The club finished as Campionat de Catalunya runners-up in 1920-21 and 1921-22 before winning the title in 1922-23 under English coach Ralph Kirby after defeating FC Barcelona 1-0 in the play-off.

The club moved home ground once again following this success as Europa found themselves at a new venue on the corner of Carrer de Sardenya and Carrer de Taxdirt; a few hundred metres north.

Europa moved on to represent Catalonia in the Copa Del Rey the following season, where they beat Sevilla FC and Sporting Gijón on their way to the final; where they were defeated 1-0 by Athletic Club at Les Corts, before Kirby headed across the city to manage Barca.

Further second place finishes followed in the Campionat de Catalunya in 1923-24, 1926-27, 1927-28 and 1928-29. Europa’s impressive record saw them become founder members of the national Primera División, as La Liga was formerly known.

The 1930-31 season ended in relegation to Segunda División, at which time the club merged with Gràcia FC to become Catalunya FC. The merger was not a success, with the club failing to fulfill their fixtures and being relegated to the Tercera División.

1931 saw yet another change of home ground, moving to Paseo Mariscal Jofre and then another venue in Providència before the Spanish Civil War disrupted all football. A new ground; Sardenya on Carrer de les Camèlies was created.

The club reverted to being called CD Europa where they continued in the third tier, before dropping down to the Primera Catalana at the end of the 1940-41 season, before being relegated again twelve months later to the Segunda Catalana.

In 1942-43 ‘Escapulados’ progressed back to the Primera by way of a title win; where the team would remain until 1950-51 when they were crowned as Catalan champions and won promotion to the Tercera División.

Europa enjoyed several top five finishes before winning the Grupo VII title in 1961-62 before losing in the play-off to UP Langreo. The team retained their title the following season. This time they made no mistake by defeating Maó and then Caudal Deportivo to win promotion to Segunda División.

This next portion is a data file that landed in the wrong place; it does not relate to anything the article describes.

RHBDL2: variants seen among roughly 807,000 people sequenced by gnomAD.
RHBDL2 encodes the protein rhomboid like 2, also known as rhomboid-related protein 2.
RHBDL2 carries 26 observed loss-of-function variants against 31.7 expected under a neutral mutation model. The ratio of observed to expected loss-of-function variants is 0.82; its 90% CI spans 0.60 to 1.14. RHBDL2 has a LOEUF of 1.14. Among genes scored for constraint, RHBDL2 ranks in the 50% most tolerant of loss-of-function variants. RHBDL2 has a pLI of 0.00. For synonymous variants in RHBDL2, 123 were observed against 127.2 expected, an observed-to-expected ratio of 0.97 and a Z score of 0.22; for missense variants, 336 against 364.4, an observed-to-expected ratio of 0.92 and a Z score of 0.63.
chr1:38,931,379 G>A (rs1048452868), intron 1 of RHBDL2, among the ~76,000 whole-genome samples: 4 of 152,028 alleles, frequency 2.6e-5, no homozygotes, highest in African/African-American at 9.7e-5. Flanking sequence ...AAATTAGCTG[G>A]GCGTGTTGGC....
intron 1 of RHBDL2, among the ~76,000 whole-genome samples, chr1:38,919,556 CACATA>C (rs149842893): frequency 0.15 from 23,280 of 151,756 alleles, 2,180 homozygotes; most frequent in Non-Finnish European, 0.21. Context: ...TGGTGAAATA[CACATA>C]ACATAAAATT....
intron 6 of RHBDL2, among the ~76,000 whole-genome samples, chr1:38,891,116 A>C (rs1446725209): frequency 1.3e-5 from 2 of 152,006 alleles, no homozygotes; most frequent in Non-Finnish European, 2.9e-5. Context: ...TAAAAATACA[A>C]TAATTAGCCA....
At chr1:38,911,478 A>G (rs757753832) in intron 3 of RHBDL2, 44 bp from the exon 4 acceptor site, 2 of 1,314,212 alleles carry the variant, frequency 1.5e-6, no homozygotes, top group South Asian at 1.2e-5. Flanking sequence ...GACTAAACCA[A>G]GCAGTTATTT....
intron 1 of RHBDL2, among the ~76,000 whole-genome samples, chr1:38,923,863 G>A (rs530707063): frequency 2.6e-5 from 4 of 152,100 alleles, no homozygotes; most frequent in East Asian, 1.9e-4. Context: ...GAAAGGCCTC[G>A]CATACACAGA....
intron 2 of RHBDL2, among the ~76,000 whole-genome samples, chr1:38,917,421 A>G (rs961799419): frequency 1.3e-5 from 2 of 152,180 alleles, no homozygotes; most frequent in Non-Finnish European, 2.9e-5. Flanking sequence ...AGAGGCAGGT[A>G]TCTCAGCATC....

The Copa del Generalísimo; later the Copa Del Rey, of 1965-66 saw Europa defeat CD Badajoz before going out in the Round of 32. Wins against Club Ferrol and Real Zaragoza CD saw the team go a round further before bowing out to Córdoba CF.

Europa were relegated back to the Tercera in 1967-68; where they remained until the end of the 1973-74 season, as the club returned to the Catalan top flight Regional Preferente. A title win in 1976-77 saw a return to the Tercera División; which had now become the fourth tier of the national game.

In the summer of 1985 the club changed their title to Club Esportiu Europa. The team were relegated a year later, to the top level of regional football, after several lower third finishes. A place in the Tercera was regained with promotion in 1988-89.

Five seasons were spent at that level, before Europa were promoted via the play-offs in 1993-94 to Segunda División B. The club was relegated from Grupo III after just one season at the higher level. A new remodelled Nou Sardenya was opened in 1995.

Europa returned to the Tercera División, from where they lifted the Copa Catalunya in 1996-97 before retaining the trophy. Both victories came against FC Barcelona. On the first occasion their opponent’s side included Hristo Stoichkov and was coached by Bobby Robson.

In the 1997-98 final, Barca fielded Sergi, Iván de la Peña and Michael Reiziger in their side. The teams drew 1-1 at Mini Estadi before Europa won the penalty shoot out 4-3.

Europa qualified for the Tercera División play-offs in 1998-99 and 2000-01 without being promoted. The team was relegated to Primera Catalana in 2003-04 before returning to the fourth tier at the first time of asking.

The team continued competing in the Tercera, with goalkeeper Rafael Leva picking up the plaudits as the star custodian in Grupo V in the 2012-13 season as the team finished third before going out to Arandina CF in the play-offs.

2013-14 saw another third place finish before defeat in the play-offs to UD Socuéllamos, after a victory over UD Mutilvera; as Javi Sánchez banged in the goals. Europa completed their third Copa Catalunya triumph in 2014-15 as they defeated Girona FC 2-1 in the final.

In the league a third consecutive third place was achieved. On this occasion Europa would be defeated by Jerez CF in the play-offs. The team finished in the same position in 2015-16 before bowing out in the play-offs to San Fernando CD.